The published copy of the Federal Register prints pages on both the front and back of each sheet of paper. So the 34,000 pages would be published on 17,000 sheets.
Therefore the weight would be less than 340 pounds.
We were not in a position to haul 34,000 of pages of the register to a scale, so we devised a way to estimate the register’s weight. We went to the Library of Virginia, got a copy of the May 11, 2011 edition, and asked a librarian to weigh it in the the mail room.
The 399-page edition -- complete with a title page, table of contents and index -- came in at 1 pound, 3 ounces.
We then turned to an overall tally of all daily Federal Registers for 2011 up to and including June 14 - the day Forbes made his statement.
When we included the pages for tables of contents, title page and index for each daily edition we found there have been about 35,850 pages published so far this year. With every 399 pages coming out to 1 pound, 3 ounces, that means that those nearly 36,000 pages would weigh about 106.7 pounds - less than a third of the weight Forbes cited.
So Forbes was close on the overall page count - actually underestimating it - but wrong on the weight total.
Let’s turn to Forbes’ implication, that all those pages are evidence of regulation run amok.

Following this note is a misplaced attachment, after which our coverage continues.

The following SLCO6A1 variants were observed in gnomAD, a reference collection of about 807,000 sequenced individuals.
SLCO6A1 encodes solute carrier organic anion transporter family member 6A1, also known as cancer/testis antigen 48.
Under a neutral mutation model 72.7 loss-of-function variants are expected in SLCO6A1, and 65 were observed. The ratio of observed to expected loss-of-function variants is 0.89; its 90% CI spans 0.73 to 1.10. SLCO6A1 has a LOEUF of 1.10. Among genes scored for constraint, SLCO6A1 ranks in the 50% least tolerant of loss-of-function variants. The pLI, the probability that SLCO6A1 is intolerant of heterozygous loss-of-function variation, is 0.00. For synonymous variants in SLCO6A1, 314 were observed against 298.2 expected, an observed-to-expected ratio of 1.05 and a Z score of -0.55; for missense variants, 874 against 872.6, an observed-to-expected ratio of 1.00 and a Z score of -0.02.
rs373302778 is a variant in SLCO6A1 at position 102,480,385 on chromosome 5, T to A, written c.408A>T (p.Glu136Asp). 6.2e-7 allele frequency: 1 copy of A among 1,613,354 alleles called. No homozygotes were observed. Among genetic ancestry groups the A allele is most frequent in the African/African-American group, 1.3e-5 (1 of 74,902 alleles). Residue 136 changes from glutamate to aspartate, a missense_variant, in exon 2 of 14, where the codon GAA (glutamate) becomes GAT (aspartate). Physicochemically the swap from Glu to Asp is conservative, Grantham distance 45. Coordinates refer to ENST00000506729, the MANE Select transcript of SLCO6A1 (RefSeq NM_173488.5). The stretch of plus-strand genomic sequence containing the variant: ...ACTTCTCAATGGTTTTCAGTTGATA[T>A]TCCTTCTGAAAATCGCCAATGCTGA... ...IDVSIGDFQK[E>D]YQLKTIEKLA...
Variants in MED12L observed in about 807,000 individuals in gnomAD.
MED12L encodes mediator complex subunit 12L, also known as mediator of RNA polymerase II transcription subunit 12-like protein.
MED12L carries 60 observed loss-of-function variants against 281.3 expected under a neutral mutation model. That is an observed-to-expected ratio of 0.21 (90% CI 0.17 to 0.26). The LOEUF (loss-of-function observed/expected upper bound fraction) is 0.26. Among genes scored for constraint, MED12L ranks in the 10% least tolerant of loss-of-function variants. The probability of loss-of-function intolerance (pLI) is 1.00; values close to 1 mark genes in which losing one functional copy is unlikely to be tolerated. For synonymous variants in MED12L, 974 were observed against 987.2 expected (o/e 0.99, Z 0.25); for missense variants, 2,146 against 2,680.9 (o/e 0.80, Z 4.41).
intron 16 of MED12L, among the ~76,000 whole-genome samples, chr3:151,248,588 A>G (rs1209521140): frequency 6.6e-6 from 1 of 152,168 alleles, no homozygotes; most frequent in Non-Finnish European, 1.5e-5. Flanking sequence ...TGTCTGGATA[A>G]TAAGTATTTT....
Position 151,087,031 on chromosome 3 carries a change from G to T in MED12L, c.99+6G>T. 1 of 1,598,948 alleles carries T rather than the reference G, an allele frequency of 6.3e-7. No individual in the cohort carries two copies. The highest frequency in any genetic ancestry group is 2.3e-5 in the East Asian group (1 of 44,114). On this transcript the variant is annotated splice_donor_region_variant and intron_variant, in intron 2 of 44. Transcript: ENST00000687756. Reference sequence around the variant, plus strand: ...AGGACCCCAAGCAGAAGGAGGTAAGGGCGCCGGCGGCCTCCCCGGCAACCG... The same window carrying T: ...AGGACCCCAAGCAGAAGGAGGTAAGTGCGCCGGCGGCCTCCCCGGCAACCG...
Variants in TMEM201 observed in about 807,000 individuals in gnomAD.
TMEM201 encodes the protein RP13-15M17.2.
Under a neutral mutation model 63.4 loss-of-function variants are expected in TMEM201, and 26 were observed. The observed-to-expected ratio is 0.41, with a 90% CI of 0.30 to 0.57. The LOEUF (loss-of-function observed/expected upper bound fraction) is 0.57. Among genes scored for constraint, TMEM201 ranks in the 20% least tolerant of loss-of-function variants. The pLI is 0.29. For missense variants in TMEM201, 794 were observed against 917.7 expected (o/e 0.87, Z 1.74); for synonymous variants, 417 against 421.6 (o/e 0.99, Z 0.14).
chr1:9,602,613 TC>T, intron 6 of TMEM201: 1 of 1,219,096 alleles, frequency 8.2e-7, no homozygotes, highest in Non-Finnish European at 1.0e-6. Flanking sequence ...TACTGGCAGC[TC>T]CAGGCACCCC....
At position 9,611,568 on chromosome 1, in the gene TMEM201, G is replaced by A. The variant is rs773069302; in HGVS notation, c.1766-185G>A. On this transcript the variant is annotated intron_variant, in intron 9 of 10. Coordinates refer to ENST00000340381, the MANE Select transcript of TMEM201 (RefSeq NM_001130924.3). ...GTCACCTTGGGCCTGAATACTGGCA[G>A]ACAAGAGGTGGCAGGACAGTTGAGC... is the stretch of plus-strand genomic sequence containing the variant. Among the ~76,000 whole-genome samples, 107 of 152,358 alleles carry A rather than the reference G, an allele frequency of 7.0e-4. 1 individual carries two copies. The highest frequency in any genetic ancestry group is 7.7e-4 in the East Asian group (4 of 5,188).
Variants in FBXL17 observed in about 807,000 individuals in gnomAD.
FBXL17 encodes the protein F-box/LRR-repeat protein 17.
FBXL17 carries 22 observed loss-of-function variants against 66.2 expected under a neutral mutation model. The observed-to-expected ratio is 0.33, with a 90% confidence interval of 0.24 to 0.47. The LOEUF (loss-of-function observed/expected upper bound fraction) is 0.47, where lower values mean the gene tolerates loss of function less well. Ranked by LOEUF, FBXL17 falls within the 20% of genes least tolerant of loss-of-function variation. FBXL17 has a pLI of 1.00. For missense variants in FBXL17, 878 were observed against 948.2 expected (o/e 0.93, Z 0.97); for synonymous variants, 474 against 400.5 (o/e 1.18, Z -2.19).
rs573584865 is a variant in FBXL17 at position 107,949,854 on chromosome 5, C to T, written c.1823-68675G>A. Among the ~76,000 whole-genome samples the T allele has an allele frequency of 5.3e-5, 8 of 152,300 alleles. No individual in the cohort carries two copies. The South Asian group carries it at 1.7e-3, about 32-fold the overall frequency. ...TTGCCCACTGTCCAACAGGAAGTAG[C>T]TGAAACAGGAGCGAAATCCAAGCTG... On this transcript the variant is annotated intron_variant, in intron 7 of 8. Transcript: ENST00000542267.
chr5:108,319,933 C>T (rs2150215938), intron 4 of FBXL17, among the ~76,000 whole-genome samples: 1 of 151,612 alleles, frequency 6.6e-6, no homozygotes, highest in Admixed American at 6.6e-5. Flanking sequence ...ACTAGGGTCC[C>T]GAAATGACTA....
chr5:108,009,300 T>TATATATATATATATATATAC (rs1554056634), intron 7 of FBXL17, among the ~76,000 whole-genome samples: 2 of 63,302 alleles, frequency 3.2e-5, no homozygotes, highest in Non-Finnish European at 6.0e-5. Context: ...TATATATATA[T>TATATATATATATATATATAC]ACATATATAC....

The register’s annual page count over the past 20 years had generally been on the rise. But there’s disagreement on whether its growth is a meaningful gauge of government oversight.
"I think as a very broad measure it indicates that there is more regulatory activity now than in the past," said James Gattuso, a senior fellow in regulatory policy at the conservative Heritage Foundation. "It’s the most popular measure people cite."
But Peter Van Doren, a senior fellow at the libertarian Cato Institute, is dismissive of linking the register’s size to the amount of regulations. Not everything published in the document, he noted, are regulations.
"So the GSA (General Services Administration) says we need an office building and it needs to be built by these specs. All that’s in the Federal Register. That’s not what I think people mean by calling something ’regulations,’" Van Doren said. "Depending on one’s politics and one’s views ... people use the number of pages in the Federal Register as a weapon in political discourse."
Of the 81,405 pages published in 2010, 46,758 were dedicated to rules or proposed rules. Another 34,306 pages contained notices of federal agency hearings, meetings, investigations, decisions and the like. And 611 pages were presidential documents - things like executive orders and presidential proclamations.
To argue that regulation is out of control, Forbes said the Federal Register came to 34,000 pages and weighed 340 pounds.
The congressman was close on the number of pages, slightly underestimating them. But he greatly overstated the Federal Register’s weight by failing to realize that its pages are printed on both sides of paper. And we would point out that less than 60 percent of the register’s pages last year contained regulations.
We rate Forbes’ claim Half True.